pastor at Sarang Jeil Church
“Our church took every preventive measure, but the (Moon) administration spread the coronavirus to prevent me from attending this rally.”
Source: YouTube, August 17, 2020
South Korea, once the world’s COVID-19 success story, is struggling with a sudden spike in coronavirus cases originating from a Seoul church.
This new burst of patients has been linked to conservative pastor Rev. Jeon Kwang-hun’s Sarang Jeil Church (SJC) after one member was tested positive for the coronavirus on Aug. 12. Three days later the SJC members took part in a mass anti-government demonstration – despite being told by health officials to self-isolate.
The South Korean Center for Disease Control reported that of 283 new cases on Aug. 19, 166 patients were either a part of the SJC or had come in contact with members of the church. It’s the worst surge since March.
Officials fear that South Korea will see a repeat of the first large outbreak – also related to a church, the Sincheonji Church of Jesus. Although South Korea has received international praise for its response to the virus, health administrators are worried about the medical system ability to respond should the outbreak take hold and grow.
Driving the concern is that the new SJC cluster is located in Seoul, which is home to a half of the country’s 51 million people and has 10 times more residents than the city of Daegu, where the Sincheonji church outbreak began. So far, a total of 623 recent cases have been linked to the SJC, authorities say, making it the largest single outbreak since the one from Sincheonji church.
More than 30,000 people participated in the protests on Aug. 15, Korea’s Independence Day, to demand that President Moon Jae-In step down. At the rally, the Rev. Jeon expressed doubt regarding the government’s response to the virus in religious communities and suggested there was a government plot to purposefully spread the virus.
“Our church took every preventive measure, but the administration spread the coronavirus to prevent me from attending this rally.”
That statement is false.
The church reportedly ignored preventive measures and there is no evidence that the Korean government deliberately spread or prolonged the coronavirus pandemic. Like the rest of the world, the Moon administration has used the government to slow and stop the spread of the virus, and the country’s methodical approach to testing, tracking and quarantine was seen as a model by many. The World Health Organization had praised Moon’s leadership in handling the pandemic.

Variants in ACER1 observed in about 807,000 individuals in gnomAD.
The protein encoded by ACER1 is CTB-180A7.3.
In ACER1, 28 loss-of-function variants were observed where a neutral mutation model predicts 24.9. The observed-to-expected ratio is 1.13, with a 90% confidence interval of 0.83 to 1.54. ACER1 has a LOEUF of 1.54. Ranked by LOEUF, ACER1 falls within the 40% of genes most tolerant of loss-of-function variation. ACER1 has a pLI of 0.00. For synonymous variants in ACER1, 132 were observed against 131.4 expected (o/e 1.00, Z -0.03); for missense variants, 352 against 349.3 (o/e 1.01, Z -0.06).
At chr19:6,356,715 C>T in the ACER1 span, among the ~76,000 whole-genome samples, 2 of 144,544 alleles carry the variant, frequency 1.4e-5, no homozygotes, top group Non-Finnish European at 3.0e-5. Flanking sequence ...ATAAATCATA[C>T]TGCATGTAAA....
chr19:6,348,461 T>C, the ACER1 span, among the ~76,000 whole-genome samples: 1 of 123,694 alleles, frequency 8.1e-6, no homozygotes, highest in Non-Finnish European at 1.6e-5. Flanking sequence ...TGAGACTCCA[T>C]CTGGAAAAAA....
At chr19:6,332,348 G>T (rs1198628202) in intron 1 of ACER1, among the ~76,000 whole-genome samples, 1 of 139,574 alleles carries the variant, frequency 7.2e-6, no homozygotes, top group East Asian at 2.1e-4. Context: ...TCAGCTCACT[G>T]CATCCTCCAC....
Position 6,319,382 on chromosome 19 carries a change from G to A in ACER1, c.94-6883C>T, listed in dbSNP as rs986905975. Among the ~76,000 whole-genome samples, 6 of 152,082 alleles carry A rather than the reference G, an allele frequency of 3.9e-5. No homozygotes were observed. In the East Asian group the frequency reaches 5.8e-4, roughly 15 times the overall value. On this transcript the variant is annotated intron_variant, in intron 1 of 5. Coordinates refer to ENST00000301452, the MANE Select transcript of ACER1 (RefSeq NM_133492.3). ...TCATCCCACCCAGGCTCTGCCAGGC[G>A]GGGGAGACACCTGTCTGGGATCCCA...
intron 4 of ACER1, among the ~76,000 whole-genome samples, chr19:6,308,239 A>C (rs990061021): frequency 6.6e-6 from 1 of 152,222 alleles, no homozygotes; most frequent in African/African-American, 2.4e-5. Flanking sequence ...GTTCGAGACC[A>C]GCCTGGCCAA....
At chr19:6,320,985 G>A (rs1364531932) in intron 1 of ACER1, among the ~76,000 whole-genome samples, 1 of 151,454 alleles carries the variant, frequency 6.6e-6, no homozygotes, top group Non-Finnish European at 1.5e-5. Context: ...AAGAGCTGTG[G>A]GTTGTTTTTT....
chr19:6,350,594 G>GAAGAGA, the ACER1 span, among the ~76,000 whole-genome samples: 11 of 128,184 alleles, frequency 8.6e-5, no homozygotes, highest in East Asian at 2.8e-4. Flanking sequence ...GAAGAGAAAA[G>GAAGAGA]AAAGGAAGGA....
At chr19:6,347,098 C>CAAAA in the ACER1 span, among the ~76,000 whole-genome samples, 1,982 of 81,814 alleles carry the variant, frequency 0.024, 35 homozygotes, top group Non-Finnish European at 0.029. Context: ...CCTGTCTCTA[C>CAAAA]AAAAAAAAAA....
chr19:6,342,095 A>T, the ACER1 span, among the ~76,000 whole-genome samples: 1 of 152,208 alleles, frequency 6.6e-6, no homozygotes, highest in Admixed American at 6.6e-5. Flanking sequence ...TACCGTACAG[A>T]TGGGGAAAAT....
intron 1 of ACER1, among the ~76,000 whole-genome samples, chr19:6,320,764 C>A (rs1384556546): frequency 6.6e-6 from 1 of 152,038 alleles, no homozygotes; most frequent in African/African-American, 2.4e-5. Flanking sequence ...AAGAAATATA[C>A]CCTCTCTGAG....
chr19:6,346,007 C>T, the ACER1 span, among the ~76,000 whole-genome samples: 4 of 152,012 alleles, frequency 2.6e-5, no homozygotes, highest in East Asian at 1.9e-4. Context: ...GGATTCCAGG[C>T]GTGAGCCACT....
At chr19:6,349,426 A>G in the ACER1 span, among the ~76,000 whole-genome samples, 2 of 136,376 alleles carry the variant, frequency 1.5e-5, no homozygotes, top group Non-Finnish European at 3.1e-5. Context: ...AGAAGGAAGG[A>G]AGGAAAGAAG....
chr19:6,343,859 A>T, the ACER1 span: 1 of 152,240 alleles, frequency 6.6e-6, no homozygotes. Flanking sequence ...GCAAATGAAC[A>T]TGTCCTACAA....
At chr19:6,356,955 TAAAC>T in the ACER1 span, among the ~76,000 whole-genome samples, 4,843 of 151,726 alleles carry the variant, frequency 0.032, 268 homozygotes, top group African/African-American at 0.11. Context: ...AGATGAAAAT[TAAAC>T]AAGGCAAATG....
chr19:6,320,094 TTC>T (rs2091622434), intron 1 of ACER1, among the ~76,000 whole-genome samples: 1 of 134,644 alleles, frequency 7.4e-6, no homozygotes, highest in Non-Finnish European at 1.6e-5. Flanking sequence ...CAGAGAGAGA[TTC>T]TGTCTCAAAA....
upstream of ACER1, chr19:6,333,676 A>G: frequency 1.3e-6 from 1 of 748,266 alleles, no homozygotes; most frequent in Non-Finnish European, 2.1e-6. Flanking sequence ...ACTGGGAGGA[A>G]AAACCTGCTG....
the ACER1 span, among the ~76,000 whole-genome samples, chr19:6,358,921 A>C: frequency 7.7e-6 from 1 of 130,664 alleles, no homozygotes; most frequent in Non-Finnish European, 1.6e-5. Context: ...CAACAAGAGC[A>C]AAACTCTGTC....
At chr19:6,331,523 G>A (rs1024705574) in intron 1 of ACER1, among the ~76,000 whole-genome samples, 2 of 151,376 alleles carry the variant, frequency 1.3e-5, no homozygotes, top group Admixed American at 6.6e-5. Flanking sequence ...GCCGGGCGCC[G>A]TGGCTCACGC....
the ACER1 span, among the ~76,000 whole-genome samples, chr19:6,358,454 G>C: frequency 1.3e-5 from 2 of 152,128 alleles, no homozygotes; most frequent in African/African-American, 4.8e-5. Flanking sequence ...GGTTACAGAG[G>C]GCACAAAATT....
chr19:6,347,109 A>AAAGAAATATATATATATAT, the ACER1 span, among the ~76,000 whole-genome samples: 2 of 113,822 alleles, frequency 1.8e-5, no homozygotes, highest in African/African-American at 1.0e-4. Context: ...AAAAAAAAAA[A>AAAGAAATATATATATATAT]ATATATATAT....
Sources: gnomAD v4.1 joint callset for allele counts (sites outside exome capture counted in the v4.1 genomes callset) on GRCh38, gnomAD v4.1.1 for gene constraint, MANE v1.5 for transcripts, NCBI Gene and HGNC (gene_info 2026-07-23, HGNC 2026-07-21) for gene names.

In a media briefing Aug. 16, a spokesperson for the Blue House said President Moon called for a “pan-national response” to the new infections and pleaded for protest participants to receive testing and self-isolate.
Overall through Aug. 19, South Korea has reported 308 deaths among some 16,000 confirmed cases, according to the Worldometer tracking site. The number of cases had fallen to fewer than 30 a day in July. Since Aug. 11, however, there has been a sharp spike in new infections.
The KCDC said a rumor that test results were being fabricated to villainize the SJC were groundless. “Refusing or obstructing necessary quarantine measures greatly endangers the safety of everyone, and such actions will be dealt with accordingly,” said Park Neung-Hu at the Central Disaster Prevention Agency.
According to media reports, the SJC has not followed government-issued outlines for sermons. The list of churchgoers submitted by the church for case-tracking purposes was found to be faulty, and Rev. Jeon was caught on a video speaking and walking around without a mask.
The city of Seoul filed a lawsuit against the church for violation of disease prevention laws and obstructing quarantine procedures.
Jeon, whose church is not officially recognized, tested positive for the coronavirus two days after the protests. Against regulations, he had taken off his mask on his way to the hospital.
News reports say church members have been uncooperative with the rules on isolation, quarantine and masks. Multiple members have escaped quarantine – one, after crawling out of a hospital in Paju, a city north of Seoul, made his way to the capital and wandered around for 25 hours. The day before, another patient, also a part of the SJC, refused hospitalization and reportedly threw a temperamental fit while not wearing a mask.
Officials say 2,500 of the SJC’s 4,000 members have been tested, many refuse testing, and the police is in search of about 800 church members who have been out of reach.
“Why do we have to listen to the Health Ministry? This is not a communist country,” complained one church member. “What are you going to do if we prove the [coronavirus] numbers are wrong?”
The number of cases continues to rise as participants of the Aug. 15 demonstrations show symptoms. In response, Seoul has heightened social distancing measures by limiting indoor groups to 50 people and outdoor groups to no more than 100 in the metropolitan area.
Effective Aug. 19 nightclubs, karaoke rooms, restaurants, computer gaming cafes, churches, and other venues will be shut down. Officials did not say how long the measures will last.